Well, I think a lot of a lot of people who grew up in immigrant backgrounds can relate to this because there’s the dynamic at home in an immigrant household, that we’re told that we shouldn’t want too much. We should put our head down, don’t make too much noise. We’re here to just work. We’re not here to be visible, to be seen. And yet, I had this other family — that was mostly from my high school, Mountain View High School and then Peter Perl at the Washington Post — who just wanted me to succeed in all the ways I could succeed. So it was definitely conflicting, but also helpful.

I think if I didn’t have all those people in my life who told me to keep going and that these immigration laws didn’t make any sense at all, I’m not sure I would have had the career that I had. I’m not sure I would have allowed myself to be encouraged and to pursue what I wanted to do.

Why was that an important point to make, that American citizens helped you survive and thrive in this country?

That was not only an important point, but for me, a very central point to make. Because when we talk about undocumented people like me in this country, it’s almost as if we exist like islands unto ourselves. When the reality is, people like me in this country cannot be in this country working, living, surviving, thriving without all those US citizens who help us out at every juncture: at school, at work, at the church.

You know, you can’t separate those two … you can’t separate that kind of reality. And yet when we talk about immigration, especially illegal immigration, the role of US citizens are actually not much part of the conversation.

OK. Back to 2011, when you decided to go public with your status. Earlier, when you were talking about that, did you say that saved your career? 

Well, the irony about all of this is that I thought the moment I came out as undocumented, my career will be over because I know how newsrooms work. Like, I’m supposed to be “objective.” I’m not supposed to air out who I am because that would impact the way other journalists see my work. Especially if you’re a person of color, or gay, or a woman. If you’re not a heterosexual white male, your identity is seen as some sort of an agenda, as a bias. And I knew that growing up. I’ve grown up in newsrooms my entire life and I’ve always had to make sure that people know that my work stands on its own.

I remember when I was at the Washington Post and I started writing about HIV AIDS, the AIDS epidemic in Washington, DC … an editor I really admired stopped by my desk one night and said, “Hey, you know, being an openly gay journalist writing about AIDS is not the way to get ahead in this newsroom.”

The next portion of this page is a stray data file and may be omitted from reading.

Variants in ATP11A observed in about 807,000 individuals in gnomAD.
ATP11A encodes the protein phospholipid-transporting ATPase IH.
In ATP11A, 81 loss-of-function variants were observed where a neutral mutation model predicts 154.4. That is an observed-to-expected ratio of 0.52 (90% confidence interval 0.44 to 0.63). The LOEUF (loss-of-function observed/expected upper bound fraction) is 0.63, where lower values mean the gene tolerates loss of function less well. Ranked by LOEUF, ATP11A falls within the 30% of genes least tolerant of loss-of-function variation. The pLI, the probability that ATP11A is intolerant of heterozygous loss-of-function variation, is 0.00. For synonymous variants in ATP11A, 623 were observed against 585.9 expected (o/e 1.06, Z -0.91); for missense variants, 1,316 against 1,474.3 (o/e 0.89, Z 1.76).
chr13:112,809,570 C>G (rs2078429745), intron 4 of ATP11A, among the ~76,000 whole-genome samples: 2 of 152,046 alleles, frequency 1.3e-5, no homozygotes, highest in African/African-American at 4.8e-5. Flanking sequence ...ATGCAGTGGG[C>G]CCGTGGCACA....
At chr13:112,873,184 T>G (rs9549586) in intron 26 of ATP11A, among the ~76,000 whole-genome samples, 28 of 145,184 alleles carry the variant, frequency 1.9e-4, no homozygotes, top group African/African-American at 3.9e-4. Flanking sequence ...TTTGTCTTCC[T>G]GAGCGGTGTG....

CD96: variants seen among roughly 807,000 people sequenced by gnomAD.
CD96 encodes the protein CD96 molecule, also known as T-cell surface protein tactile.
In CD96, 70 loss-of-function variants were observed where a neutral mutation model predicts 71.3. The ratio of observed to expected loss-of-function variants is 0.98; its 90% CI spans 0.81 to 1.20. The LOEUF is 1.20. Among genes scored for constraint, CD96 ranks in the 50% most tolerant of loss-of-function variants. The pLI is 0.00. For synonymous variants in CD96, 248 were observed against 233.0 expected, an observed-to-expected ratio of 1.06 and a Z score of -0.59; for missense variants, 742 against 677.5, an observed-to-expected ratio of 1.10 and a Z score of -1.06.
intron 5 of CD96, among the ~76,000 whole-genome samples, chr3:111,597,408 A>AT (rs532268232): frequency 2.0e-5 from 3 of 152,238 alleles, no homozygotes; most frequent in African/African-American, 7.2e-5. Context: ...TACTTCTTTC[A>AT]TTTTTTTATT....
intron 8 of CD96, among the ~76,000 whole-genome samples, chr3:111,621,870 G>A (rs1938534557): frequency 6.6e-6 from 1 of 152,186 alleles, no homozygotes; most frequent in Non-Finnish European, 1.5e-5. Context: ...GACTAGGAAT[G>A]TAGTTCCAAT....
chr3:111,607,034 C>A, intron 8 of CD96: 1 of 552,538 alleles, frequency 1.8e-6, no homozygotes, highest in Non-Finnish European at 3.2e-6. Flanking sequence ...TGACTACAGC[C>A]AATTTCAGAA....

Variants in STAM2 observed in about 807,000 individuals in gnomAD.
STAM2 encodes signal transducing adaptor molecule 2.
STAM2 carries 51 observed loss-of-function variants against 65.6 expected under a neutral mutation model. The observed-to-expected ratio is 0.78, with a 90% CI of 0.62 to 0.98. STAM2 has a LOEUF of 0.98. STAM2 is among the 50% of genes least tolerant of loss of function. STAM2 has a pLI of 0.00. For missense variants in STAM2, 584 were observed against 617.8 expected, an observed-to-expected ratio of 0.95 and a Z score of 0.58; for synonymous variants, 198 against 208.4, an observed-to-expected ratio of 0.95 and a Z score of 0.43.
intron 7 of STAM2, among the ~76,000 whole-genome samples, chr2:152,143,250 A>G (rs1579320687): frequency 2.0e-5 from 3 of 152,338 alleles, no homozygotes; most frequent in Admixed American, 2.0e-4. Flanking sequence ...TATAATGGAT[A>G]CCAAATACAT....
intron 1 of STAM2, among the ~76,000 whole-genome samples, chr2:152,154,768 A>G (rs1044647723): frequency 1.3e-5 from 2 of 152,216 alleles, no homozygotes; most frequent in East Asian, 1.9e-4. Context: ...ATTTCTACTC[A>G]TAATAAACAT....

I was so taken aback by that comment. But I understood where he was coming from and what he was trying to say.

You were coming out at a time when the other so-called “Dreamers” were coming out for the first time. What followed was President Barack Obama taking executive action to protect “Dreamers.” Have you thought about how that moment and how your part in it led to what we’re experiencing today?

I think all of these moments build on top of one another. When I came out as undocumented, years before that, there had been many undocumented young people who had been coming out. What was different about my story was that I was a journalist. You know, I worked in newsrooms and I think a lot of my colleagues in journalism were just surprised that someone kind of made it in their own newsroom. Right?

All of a sudden, [we weren’t] just at school, in college. Or not just in the farm, harvesting crops, or not just a nanny babysitting kids — which is kind of how people usually think of people like us. I was in a newsroom — and I have to tell you I’ve heard from so many undocumented journalists of all different ages.

So that’s been really interesting. But for me, coming out was also a way to say that this is bigger than the Dream Act. You know, I was a “Dreamer” before there was a Dream Act. I was a dreamer before there was any language around it. We [undocumented immigrants] couldn’t find each other. There was no social media. There was no Google. So, I’m kind of from the older generation of dreamers.

Also: DACA Diaries, a series about the young people who call themselves dreamers

In the book, you write about something I actually hadn’t seen anyone talk about before, frankly. You write: “To some longtime activists and organizers, my arrival to their movement was too late and my story was too complicated.” And some have called your decision to go public with your undocumented status a “career move.” How do you react to that?

So I have to tell you, writing about all of that was so hard just because I didn’t want to make it seem like I was “complaining.” You know what I mean? I’m sure after reading the book you got a sense that I really wanted to write it in such a concise way — kind of make sense of everything that’s happened. But yeah, that whole idea that I did not fit the stereotype of what an undocumented person was supposed to be …